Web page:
New research reveals hidden bias in job adverts deters 50% of female applicants for engineering roles
- Gender biased language discourages as many as one in two: Consciously unbiased job specifications help to attract up to 50% more female applicants
- 200% uplift in female applicants when language is changed
- Latent bias runs deep: A quarter of women (24%) still feel certain careers are better suited to men than women, with 80% discounting engineering automatically
- Over half (55%) of women considering a new career as a result of the pandemic
London, UK. 13th January 2021: Openreach has put its use of language under the microscope in a new study analysing the impact of latent bias in job adverts. The company hopes its new linguistic approach will help it meet a commitment to recruit a minimum of 20% females into new roles this year – more than ten times historic levels.
Research into the language barriers that impact female job applicants has shown that it plays a fundamental role in the recruitment process, with women 50% less likely to consider roles that have a coded gender bias. But when presented with a gender-inclusive advert as part of the study, women’s interest in the role increased by more than 200%, with 60% stating this was because of the way it was written.
As part of the research, Openreach – the UK's digital network business and a leading national employer of engineers - has taken a detailed look at the language it used across its recruitment channels, working with linguistic specialists Linguistic Landscapes and gender bias expert Dr Chris Begeny from Exeter University. The team created a new, consciously unbiased, job description for the company’s entry level engineering role – with the language of the new advert carefully crafted to appeal to men and women equally, whilst actively combating some of the challenges females face in the pre-application phase.
The study uncovered three key areas for improvement including:
- Latent gendered phraseology
- Active vs passive construction i.e either a more masculine or feminine skew in the language used and
- Key skillset descriptors.
Whilst the shifts in the job specs were subtle, the results were overwhelming, painting a clear picture of the simple role that language can play in bringing more women into engineering, but with implications wide ranging across many industries.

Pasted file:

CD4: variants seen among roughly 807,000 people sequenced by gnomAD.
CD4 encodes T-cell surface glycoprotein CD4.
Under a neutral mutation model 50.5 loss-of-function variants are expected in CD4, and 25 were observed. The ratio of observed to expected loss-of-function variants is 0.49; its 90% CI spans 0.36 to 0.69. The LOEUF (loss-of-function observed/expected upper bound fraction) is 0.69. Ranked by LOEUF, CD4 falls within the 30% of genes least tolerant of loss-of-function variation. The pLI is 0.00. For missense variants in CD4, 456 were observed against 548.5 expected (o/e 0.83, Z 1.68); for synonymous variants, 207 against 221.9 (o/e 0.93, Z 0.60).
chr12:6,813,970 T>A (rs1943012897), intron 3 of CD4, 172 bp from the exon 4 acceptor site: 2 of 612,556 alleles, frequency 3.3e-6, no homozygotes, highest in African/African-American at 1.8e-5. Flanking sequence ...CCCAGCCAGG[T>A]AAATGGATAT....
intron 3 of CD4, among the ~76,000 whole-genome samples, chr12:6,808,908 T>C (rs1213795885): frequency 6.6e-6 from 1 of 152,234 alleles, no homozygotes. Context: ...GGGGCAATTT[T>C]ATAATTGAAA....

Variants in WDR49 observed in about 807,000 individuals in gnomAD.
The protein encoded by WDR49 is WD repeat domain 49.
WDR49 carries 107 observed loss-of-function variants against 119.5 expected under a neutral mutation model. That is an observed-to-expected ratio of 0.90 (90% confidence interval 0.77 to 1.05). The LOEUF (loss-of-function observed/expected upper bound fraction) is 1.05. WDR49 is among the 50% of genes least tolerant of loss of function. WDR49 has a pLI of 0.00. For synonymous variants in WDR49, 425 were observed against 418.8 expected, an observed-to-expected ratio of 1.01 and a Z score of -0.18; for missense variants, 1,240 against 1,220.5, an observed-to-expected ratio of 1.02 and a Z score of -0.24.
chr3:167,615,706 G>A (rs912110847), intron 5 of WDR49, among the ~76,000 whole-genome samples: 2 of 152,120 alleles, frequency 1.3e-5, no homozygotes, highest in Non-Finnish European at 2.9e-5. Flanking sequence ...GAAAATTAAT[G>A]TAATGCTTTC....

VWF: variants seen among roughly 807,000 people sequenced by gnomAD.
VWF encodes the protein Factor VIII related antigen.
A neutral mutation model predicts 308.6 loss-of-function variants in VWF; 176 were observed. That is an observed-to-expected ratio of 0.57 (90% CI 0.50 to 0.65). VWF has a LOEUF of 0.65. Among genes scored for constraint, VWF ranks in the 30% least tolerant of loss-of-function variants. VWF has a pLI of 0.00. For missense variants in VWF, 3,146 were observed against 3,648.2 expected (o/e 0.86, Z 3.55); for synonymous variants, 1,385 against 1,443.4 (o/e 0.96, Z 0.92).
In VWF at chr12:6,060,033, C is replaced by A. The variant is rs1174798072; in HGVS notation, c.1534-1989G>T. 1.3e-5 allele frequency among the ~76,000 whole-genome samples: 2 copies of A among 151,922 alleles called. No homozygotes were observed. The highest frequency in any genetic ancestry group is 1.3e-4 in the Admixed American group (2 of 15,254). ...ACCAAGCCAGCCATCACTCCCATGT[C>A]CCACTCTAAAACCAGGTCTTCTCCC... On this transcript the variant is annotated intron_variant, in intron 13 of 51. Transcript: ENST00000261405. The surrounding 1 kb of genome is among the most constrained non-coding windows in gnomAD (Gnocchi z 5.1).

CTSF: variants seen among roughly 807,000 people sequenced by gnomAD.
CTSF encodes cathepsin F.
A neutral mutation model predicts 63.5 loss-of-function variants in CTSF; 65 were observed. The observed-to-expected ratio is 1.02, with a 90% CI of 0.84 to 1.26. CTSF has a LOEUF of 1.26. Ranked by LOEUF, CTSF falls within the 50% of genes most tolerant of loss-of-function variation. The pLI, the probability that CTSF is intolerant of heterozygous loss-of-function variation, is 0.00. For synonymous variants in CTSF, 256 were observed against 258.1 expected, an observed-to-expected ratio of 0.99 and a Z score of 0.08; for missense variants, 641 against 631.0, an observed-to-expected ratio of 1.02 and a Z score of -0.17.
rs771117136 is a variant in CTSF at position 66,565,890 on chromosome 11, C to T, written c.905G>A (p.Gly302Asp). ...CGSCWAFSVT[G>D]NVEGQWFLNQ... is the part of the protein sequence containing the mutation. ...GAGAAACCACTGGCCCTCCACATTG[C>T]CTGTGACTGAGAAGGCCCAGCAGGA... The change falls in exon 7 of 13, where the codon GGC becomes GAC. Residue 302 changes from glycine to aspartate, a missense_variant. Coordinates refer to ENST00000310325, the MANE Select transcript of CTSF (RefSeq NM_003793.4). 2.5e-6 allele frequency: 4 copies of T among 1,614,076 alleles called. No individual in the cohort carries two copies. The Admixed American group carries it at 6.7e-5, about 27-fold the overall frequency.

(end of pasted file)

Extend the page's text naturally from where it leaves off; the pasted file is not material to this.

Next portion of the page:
In order to help understand and explore the impact of the language shift, the new wording was tested against the original advert with 2000 women of working age in the UK. The findings show that a third of women (31%) felt the original advert was more suited to a man than a woman, compared with just 13% of women for the new advert.
Despite four in five (80%) women admitting they wouldn’t consider working in engineering, more than half (56%) were interested in the engineering job role once it had been reimagined and the word ‘engineer’ had been removed. This was supported by the latent stereotyping identified for similar industries, with a quarter (24%) of women still feeling that certain roles are better suited to men.
Dr Chris Begeny, Research Fellow in Gender and Organisational Psychology at the University of Exeter comments: “The findings are extremely exciting as they demonstrated such a clear discrepancy between the two adverts and suggest that the latent barriers to application remain, illustrating how gender-inclusive ads could be vital to bringing more women into a range of sectors similarly viewed.
All too often the rhetoric around issues of underrepresentation and improving women’s experiences in male-dominated sectors emphasises the idea that women need to “lean in” and overcome their own “internal barriers” – overcoming that lack of confidence or lack of perceived fit for a position that might lead women to pass up on an opportunity to pursue a particular job. Yet these “fix yourself” strategies, often espoused as a method of empowerment, can perpetuate victim blaming. They reinforce the belief that the “problem” exists squarely within the individual – a problem of “internal barriers” – and so it is the individual’s responsibility to “fix” themselves.
This of course misses the fact that women’s “internal barriers” often exist because of external barriers – exposure to subtly biased language, stereotypes, and discriminatory treatment that lead women and other marginalised group members to question their suitability for a job and thus their tendency to pursue that opportunity.”
The research also shows that three quarters of respondents (75%) felt they needed to fit the skills profile of a job specification by 70% or more, and half (51%) by 80% or more, before applying for any job.